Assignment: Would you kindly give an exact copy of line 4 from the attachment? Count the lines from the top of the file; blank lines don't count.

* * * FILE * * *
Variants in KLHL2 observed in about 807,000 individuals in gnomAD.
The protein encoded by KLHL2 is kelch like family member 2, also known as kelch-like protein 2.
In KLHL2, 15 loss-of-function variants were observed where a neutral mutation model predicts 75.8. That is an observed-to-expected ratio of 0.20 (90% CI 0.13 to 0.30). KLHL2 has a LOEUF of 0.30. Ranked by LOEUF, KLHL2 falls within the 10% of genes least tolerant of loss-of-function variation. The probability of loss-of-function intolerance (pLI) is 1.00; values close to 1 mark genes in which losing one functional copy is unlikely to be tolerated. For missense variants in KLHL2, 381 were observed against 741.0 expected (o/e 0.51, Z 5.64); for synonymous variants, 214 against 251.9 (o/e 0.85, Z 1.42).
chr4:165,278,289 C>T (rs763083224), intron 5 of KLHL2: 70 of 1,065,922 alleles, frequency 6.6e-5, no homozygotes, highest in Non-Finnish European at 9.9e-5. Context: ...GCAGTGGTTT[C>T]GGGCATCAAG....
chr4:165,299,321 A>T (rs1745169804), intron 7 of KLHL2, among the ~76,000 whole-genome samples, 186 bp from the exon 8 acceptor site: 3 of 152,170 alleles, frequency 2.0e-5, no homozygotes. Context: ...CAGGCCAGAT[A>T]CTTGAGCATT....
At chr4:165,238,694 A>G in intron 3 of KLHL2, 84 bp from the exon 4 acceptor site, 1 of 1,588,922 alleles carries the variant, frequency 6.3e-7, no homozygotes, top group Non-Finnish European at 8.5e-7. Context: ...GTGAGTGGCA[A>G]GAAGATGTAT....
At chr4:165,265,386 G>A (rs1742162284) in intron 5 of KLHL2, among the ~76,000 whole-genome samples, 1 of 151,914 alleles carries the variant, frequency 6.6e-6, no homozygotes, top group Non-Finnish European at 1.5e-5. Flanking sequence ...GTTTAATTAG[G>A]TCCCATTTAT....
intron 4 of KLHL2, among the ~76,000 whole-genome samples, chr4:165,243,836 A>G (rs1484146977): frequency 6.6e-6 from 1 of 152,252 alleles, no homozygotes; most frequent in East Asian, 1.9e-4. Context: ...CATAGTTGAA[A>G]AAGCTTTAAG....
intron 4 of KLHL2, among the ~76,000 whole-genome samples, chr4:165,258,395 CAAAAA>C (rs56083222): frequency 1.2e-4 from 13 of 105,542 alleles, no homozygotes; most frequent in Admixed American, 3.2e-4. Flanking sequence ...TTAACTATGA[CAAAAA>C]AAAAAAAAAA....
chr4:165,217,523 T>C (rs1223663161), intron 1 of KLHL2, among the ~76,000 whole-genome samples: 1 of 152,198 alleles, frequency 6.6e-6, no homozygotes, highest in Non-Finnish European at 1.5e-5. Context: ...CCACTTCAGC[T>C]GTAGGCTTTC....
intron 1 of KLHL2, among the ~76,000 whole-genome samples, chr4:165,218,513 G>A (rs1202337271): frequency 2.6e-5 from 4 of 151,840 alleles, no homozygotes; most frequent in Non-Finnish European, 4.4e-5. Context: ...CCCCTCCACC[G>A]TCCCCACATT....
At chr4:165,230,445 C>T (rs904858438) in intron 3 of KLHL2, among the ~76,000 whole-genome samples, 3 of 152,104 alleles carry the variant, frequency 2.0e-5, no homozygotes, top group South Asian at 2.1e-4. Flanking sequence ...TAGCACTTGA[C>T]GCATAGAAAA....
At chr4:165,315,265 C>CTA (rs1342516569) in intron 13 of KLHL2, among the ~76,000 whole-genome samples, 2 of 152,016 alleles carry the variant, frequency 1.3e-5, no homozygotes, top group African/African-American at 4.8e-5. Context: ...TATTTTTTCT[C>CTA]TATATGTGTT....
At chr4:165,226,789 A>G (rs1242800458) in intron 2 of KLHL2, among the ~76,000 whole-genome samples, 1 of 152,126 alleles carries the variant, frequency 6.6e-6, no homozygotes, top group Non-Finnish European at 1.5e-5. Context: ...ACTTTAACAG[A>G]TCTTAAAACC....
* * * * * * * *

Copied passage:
chr4:165,278,289 C>T (rs763083224), intron 5 of KLHL2: 70 of 1,065,922 alleles, frequency 6.6e-5, no homozygotes, highest in Non-Finnish European at 9.9e-5. Context: ...GCAGTGGTTT[C>T]GGGCATCAAG....